While our commercial counterparts have been doing everything humanly possible to reduce the distance between clicking ‘buy now’ and ‘order complete’, we seem to take a perverse joy in making our supporters fill in forms and tick boxes. And as a consequence, millions – potentially billions – of pounds of world-changing donations are left on the digital table.
But enough moaning and self-flagellation. You’ve heard all this before. More than once, probably, if you’ve ever worked with us.
What we need to do now is fix things.
That’s why, as Open embarks on its teenage years, we’ve devoted ourselves to a very simple task – to grow the market for UK charities. Not by wringing a few extra pennies or fractions of a percentage point out of our existing models but by inspiring new people to give in new ways.
On the face of it, that shouldn’t be too hard. The millennial generation now gives more than any other – just not in ways that suit our well-established and well-worn models.
Yes, it would be nice if everyone just signed up for a Direct Debit and took our upgrade calls, but they don’t. So we need to stop trying to force people through the sausage machine and focus on delivering the communications and the experiences that they actually want.
In order to do that we need audience insight – which Open is determined to deliver both commercially and as part of our role as good sector citizens. We’ve done a pretty good job of sharing knowledge with Charity Benchmarks, but now we need to focus on the people behind those big numbers and identify exactly what makes them tick.
That also involves bringing diversity of background, of culture and of thought into our organisation. We’ve already made some progress on that front through our recruitment, our mentoring and our intern programme. But we need to do more – not just because it’s the right thing but because it’s the commercial and strategic thing to do.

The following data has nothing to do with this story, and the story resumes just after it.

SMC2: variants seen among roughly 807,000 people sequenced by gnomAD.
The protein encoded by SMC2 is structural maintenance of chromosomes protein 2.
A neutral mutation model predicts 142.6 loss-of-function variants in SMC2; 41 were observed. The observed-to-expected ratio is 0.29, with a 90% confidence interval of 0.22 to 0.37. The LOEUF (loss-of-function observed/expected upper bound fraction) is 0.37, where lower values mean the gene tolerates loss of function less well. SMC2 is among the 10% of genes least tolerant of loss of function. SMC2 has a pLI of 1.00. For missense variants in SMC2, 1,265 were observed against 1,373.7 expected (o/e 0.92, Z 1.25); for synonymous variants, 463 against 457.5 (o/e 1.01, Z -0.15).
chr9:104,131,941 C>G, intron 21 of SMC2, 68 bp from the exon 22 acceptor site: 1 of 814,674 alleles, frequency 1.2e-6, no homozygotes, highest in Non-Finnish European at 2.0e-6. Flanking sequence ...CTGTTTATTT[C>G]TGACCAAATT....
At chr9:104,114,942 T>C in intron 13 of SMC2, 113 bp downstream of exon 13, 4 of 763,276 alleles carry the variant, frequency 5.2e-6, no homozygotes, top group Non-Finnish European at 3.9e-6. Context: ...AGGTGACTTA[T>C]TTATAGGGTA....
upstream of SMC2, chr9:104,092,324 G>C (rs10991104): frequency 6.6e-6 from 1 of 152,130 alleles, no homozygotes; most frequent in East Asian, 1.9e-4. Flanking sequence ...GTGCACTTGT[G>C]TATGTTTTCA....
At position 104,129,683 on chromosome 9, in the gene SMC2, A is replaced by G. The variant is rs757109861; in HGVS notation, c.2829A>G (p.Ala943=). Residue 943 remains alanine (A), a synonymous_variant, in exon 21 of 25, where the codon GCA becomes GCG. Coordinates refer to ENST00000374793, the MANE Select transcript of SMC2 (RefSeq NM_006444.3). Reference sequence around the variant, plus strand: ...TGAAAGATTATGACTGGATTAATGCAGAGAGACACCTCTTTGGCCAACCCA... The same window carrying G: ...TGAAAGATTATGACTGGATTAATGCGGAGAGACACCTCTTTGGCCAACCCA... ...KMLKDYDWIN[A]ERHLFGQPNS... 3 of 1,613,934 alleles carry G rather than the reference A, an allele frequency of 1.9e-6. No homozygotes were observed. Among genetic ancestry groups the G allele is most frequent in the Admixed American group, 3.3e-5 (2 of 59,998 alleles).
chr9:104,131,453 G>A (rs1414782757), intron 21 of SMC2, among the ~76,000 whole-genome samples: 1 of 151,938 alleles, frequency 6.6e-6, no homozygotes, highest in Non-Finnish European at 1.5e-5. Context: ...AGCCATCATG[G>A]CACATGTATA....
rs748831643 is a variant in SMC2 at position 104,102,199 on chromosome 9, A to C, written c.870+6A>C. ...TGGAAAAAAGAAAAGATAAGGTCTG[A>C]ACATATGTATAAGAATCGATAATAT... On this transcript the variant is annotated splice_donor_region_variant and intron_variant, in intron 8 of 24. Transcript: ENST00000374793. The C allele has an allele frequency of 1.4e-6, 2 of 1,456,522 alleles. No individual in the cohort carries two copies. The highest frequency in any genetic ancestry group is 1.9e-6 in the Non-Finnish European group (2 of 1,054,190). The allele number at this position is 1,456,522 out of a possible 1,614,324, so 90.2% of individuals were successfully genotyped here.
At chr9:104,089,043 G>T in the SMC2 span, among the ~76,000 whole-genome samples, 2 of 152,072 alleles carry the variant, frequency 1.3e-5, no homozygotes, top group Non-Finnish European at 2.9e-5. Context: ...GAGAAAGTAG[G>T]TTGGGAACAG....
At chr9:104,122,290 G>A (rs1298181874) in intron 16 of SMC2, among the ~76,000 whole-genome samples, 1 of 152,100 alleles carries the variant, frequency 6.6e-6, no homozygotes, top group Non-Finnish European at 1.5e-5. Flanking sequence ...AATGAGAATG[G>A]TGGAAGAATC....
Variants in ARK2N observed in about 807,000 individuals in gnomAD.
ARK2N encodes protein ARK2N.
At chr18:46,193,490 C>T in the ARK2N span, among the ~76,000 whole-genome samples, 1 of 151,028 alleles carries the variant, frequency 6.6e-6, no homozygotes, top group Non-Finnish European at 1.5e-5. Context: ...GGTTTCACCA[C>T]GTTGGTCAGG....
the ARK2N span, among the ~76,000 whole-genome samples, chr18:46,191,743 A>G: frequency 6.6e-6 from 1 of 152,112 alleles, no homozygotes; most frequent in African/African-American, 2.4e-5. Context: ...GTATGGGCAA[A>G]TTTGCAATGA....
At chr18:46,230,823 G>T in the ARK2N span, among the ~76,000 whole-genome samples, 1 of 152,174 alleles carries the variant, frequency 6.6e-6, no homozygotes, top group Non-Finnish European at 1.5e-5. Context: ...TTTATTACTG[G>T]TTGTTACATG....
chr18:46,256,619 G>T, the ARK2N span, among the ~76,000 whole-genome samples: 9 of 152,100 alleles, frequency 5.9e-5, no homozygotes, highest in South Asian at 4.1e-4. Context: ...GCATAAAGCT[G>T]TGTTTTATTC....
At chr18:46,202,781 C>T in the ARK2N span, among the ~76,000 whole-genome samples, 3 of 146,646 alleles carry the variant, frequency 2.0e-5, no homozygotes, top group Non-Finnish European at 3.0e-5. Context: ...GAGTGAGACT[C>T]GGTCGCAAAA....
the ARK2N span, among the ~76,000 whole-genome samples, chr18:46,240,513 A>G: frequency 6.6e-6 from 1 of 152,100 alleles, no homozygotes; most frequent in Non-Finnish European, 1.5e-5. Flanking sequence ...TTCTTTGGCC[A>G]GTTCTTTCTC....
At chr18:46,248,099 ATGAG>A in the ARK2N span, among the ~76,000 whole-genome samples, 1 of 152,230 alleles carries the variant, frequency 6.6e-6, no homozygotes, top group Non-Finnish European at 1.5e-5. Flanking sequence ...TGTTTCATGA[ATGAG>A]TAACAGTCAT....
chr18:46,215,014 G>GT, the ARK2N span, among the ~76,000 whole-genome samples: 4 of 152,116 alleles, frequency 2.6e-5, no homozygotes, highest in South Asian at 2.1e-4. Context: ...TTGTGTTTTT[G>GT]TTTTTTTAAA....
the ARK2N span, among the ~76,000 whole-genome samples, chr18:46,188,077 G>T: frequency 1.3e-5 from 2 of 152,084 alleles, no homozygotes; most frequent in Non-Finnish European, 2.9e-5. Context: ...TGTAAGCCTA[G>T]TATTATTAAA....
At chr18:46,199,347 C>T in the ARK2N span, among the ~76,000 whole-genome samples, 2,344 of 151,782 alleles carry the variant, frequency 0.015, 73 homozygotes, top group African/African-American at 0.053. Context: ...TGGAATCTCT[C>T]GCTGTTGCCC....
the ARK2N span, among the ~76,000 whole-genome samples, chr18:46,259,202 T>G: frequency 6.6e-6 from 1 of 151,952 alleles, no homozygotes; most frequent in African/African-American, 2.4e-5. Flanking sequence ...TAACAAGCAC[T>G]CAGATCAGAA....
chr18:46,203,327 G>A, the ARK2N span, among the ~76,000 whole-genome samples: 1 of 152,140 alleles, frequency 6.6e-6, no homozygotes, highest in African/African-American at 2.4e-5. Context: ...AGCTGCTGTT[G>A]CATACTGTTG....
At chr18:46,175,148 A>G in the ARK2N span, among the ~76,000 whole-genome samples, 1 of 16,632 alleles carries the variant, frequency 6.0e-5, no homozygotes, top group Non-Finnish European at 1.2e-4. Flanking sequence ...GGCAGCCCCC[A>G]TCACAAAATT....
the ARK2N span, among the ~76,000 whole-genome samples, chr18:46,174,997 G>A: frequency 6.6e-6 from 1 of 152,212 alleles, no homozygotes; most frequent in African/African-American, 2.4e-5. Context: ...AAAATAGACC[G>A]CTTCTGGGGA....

“As Open embarks on its teenage years, we’ve devoted ourselves to a very simple task – to grow the market for UK charities. Not by wringing a few extra pennies or fractions of a percentage point out of our existing models but by inspiring new people to give in new ways. ”
Of course, all this insight will be useless without the ability to apply it – which in most cases means delivering a simple, engaging online experience and then (where appropriate) taking the money.
And on that front, we have a secret weapon that we need to make less secret.
Our sister company, Open Mobile Global, has processed over a hundred million pounds in donations through its beautifully frictionless, supporter-oriented systems. We can embed it anywhere online and, as we’ve proven around the world, we can make it part of a range of IRL experiences. We have, as they say, the technology.
But over the coming months and years you’ll see us building out from that beautiful payment tech to deliver new user experiences that will inspire more people to click that ‘give now’ button – and follow up with consent instead of vanishing forever into the digital ether.
In short, we have some big plans. And as an organisation founded to promote collaboration, we know that we don’t stand the first chance of doing this stuff alone. We need more brilliant people in our team, we need partners and, let’s be frank, we need ambitious clients who also want to find a route off the burning platform and into the sunlit uplands of... well you get the picture.
So if you’d like to be part of our plan – whether as a charity looking to generate great ideas or an individual who’s full of them – then please do get in touch. We’re always looking for smart people to work with and we’re in the process of putting together a coalition of sector leaders and thinkers to help drive growth in 2022 and beyond.
Like I said, we exist to bring people together. And we’d love it if you were one of them.